That big blue heron sitting high in my backyard tree is the protagonist in today’s view on kindness. We live in his territory and for most of the year he uses the pond in the back pasture as home base. He has no fear of the horses and not much for the dogs, dawdling on the ground until the last possible minute of their wild chases before setting flight. I respect him in all his territorial glory. I admire the beauty of his great wingspan and his haughty walk. But then his eye starts to roam and things get difficult between us. It starts with stalking which is what he is doing right now from that backyard tree. He is scoping out the koi pond. More specifically, he is scoping out the koi IN the pond. The first year this happened, I was shocked. Shocked! He seems so contented with his choices in the pasture, never once showing an interest in my captive little beauties. I think it is a change of season thing; maybe some deep instinct in the fall to fatten up for the winter. The koi are not easy pickings for him because the pond is so small and there is not a perfect flight pattern. That doesn’t stop him from stalking though, right up to the pond’s edge or to the top of the waterfall.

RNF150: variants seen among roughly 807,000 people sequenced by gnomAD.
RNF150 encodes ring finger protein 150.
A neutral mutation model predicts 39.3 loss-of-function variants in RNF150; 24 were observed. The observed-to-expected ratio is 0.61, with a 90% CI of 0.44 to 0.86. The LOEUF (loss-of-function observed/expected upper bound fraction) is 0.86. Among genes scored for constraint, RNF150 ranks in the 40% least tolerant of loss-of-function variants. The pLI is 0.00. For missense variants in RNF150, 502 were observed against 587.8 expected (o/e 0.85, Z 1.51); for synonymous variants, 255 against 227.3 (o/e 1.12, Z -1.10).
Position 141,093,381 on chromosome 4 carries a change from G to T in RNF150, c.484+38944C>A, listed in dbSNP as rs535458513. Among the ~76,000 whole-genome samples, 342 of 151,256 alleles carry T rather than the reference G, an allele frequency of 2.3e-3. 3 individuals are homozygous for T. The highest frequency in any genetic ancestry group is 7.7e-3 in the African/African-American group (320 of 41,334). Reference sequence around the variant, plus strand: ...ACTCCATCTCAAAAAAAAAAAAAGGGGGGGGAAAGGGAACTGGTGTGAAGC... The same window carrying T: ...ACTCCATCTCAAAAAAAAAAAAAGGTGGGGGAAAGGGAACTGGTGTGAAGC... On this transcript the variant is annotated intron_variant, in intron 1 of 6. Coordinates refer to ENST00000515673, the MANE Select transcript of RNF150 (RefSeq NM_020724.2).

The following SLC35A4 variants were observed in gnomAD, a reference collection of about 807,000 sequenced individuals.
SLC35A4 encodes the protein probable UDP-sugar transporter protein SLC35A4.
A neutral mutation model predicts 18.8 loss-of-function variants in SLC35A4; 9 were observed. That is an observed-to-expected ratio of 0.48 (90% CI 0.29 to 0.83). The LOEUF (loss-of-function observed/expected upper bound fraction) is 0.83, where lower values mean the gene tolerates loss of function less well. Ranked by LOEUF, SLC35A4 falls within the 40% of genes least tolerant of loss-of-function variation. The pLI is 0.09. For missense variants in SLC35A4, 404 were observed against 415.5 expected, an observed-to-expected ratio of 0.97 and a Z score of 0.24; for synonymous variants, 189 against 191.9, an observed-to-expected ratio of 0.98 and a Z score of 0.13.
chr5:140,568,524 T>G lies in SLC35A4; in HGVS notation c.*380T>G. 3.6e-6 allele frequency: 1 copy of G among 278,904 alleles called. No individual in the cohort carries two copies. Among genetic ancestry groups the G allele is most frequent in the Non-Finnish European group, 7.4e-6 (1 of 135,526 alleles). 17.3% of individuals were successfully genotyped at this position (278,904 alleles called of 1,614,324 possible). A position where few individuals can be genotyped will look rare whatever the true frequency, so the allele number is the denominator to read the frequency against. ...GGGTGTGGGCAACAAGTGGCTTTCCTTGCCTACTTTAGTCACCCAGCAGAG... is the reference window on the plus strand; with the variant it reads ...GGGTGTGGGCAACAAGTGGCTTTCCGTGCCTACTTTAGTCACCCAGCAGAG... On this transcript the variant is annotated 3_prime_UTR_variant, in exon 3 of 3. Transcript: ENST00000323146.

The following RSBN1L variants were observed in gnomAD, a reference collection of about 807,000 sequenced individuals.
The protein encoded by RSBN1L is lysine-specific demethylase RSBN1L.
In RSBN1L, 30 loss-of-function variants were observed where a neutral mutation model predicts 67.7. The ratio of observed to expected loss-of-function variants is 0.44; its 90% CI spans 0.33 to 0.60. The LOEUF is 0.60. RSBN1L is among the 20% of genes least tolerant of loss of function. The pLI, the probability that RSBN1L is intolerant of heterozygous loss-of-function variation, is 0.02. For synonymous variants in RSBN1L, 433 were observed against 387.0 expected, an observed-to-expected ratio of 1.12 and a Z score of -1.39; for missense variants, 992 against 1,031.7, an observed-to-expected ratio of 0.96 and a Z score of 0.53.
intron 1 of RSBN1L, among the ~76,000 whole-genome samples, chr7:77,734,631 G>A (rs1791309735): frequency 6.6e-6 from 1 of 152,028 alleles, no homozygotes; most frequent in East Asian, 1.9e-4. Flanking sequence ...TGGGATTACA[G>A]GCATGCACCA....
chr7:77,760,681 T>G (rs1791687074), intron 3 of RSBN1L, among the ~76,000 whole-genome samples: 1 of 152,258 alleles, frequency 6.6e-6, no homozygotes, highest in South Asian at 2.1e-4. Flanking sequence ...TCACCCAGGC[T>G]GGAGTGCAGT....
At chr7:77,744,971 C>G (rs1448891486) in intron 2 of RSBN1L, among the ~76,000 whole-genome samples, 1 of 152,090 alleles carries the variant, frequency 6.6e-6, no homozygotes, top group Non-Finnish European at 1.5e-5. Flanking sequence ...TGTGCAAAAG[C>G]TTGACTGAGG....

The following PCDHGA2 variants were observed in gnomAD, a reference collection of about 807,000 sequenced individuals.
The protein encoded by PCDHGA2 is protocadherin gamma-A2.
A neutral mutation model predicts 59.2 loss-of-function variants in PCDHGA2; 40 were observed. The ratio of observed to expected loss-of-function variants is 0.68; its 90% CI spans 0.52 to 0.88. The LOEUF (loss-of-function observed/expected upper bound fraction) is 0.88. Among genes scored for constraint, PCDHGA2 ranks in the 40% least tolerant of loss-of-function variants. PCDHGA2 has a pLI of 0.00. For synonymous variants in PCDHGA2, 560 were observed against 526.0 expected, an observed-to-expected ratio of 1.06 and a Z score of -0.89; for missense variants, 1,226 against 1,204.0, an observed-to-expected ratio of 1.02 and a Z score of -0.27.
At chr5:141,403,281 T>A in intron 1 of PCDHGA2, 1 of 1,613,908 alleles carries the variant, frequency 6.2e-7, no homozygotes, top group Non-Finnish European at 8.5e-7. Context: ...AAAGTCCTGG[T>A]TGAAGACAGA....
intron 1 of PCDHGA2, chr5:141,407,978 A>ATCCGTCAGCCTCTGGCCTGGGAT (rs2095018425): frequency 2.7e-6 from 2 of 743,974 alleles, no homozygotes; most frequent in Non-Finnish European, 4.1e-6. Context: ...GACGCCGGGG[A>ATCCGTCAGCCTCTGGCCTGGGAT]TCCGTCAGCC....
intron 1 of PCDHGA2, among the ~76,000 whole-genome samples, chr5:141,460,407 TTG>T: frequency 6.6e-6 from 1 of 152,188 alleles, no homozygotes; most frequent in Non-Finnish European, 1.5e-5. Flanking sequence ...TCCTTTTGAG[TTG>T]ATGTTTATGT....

In past years, I have resorted to scare tactics; letting the dogs out or banging on the garbage can which results in him reluctantly flapping off to a nearby tree or fence line where he will perch, mocking me. I am trying to find a different place in myself from which to see this annual dance. I think that my alarm is overstated. I think he is not willing to risk himself getting into that small pond. He is admiring my fish, maybe even coveting them. But he is a big guy who has been around the block enough to know what works for him. It hasn’t been my frantic scare tactics that have saved the fish; it has been his inherent heron common sense. Way to go, nature. Right again.